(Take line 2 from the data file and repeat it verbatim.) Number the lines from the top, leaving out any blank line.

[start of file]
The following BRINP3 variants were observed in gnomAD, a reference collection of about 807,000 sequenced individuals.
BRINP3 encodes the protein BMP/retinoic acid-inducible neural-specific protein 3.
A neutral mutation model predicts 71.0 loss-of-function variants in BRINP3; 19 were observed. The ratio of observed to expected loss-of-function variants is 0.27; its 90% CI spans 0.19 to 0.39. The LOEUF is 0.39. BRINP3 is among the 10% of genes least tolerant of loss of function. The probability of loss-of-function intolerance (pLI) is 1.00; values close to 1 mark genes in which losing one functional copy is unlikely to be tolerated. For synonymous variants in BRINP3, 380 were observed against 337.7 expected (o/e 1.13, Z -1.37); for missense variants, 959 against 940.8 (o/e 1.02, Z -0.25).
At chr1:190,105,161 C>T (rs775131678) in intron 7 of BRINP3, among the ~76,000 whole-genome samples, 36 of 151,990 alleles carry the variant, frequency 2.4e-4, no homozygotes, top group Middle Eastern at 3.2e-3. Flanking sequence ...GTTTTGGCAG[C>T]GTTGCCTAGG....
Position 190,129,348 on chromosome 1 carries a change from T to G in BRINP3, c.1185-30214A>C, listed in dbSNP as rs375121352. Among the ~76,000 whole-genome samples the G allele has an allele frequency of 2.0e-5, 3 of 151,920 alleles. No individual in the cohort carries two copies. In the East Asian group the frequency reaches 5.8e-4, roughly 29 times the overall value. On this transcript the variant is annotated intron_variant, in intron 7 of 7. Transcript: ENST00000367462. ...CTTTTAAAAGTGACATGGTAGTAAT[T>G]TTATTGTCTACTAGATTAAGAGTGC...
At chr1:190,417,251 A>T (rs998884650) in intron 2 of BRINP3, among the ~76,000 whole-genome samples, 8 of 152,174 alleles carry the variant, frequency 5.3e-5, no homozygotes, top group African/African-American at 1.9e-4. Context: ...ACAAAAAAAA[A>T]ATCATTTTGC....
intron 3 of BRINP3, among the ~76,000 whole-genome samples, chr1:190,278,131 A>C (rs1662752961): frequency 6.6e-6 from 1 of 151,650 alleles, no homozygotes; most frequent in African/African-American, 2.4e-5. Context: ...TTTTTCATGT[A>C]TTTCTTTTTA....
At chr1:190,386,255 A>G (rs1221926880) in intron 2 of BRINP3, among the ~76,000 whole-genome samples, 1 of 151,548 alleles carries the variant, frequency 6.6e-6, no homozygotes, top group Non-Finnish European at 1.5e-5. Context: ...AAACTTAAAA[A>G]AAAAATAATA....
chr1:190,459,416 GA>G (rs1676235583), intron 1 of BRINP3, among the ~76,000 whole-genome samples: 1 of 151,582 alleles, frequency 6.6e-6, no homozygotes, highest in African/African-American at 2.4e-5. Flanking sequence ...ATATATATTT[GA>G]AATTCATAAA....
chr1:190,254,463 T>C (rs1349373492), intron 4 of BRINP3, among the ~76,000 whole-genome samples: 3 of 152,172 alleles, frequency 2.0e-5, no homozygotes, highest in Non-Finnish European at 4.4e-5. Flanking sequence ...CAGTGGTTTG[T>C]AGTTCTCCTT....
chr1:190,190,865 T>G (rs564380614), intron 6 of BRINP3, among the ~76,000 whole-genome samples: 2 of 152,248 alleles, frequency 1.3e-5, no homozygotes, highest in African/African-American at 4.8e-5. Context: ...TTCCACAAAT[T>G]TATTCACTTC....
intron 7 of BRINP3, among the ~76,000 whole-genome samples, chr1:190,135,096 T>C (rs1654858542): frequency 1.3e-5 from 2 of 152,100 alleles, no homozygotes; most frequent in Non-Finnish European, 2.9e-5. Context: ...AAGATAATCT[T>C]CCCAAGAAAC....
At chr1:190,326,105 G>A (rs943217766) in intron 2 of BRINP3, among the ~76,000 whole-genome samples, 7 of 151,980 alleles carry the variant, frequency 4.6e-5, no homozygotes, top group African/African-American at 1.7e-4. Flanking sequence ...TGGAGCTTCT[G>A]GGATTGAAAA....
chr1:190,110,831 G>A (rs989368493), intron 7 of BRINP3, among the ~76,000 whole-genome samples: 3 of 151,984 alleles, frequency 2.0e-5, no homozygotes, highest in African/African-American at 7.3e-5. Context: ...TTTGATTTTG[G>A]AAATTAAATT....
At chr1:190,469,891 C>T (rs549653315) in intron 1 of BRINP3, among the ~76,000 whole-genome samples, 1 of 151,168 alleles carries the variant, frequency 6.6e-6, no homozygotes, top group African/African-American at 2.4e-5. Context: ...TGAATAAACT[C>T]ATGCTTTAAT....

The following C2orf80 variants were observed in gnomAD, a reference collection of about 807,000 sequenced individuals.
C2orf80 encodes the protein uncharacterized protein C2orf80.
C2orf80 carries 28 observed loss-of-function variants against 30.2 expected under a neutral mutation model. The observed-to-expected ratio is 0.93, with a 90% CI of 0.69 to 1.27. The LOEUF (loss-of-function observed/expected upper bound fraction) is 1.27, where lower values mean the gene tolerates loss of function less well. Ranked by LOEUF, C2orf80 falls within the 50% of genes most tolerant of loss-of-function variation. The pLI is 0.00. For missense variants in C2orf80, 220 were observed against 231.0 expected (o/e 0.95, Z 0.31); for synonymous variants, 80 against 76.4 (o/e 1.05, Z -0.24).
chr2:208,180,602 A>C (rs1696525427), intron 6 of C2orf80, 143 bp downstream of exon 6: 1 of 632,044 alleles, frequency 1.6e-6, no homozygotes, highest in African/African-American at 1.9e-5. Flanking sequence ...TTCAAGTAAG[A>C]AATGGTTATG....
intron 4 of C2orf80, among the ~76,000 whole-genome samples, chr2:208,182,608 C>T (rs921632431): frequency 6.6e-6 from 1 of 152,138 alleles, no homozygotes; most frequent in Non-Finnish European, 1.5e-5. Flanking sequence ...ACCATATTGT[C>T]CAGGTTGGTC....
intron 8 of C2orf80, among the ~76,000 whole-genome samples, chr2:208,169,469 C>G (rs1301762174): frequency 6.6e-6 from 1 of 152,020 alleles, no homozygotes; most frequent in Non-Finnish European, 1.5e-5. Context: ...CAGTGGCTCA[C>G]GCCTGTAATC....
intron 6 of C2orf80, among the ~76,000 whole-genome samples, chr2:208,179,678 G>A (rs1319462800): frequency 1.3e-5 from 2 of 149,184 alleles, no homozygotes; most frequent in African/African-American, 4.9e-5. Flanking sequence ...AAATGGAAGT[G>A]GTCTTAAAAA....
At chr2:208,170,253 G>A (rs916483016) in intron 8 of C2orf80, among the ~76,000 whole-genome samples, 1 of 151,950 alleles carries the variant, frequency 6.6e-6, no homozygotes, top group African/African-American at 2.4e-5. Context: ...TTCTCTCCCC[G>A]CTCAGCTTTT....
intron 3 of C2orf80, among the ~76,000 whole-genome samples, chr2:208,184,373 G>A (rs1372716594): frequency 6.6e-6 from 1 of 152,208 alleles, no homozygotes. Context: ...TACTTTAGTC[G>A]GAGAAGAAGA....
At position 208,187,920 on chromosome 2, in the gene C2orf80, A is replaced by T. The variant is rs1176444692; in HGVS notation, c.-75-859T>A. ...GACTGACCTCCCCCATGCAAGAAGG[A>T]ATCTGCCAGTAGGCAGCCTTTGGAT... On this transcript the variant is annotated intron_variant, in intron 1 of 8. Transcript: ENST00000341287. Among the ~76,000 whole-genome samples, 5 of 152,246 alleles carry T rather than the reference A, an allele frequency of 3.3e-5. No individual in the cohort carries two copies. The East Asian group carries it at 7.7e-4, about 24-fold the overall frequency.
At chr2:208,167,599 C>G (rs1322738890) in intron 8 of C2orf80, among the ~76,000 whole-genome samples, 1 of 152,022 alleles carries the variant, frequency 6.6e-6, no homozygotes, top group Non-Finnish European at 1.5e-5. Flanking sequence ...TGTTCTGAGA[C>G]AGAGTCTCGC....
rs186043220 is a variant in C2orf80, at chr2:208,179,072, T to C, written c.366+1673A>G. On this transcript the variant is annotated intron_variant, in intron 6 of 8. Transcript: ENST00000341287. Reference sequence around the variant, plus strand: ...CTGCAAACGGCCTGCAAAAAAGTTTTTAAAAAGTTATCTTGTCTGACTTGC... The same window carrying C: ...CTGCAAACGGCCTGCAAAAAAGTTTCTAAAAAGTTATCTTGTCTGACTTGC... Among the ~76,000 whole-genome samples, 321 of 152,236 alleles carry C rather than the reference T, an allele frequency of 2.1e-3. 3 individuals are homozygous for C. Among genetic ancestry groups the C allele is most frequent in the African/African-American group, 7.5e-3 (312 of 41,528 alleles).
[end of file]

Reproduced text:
BRINP3 encodes the protein BMP/retinoic acid-inducible neural-specific protein 3.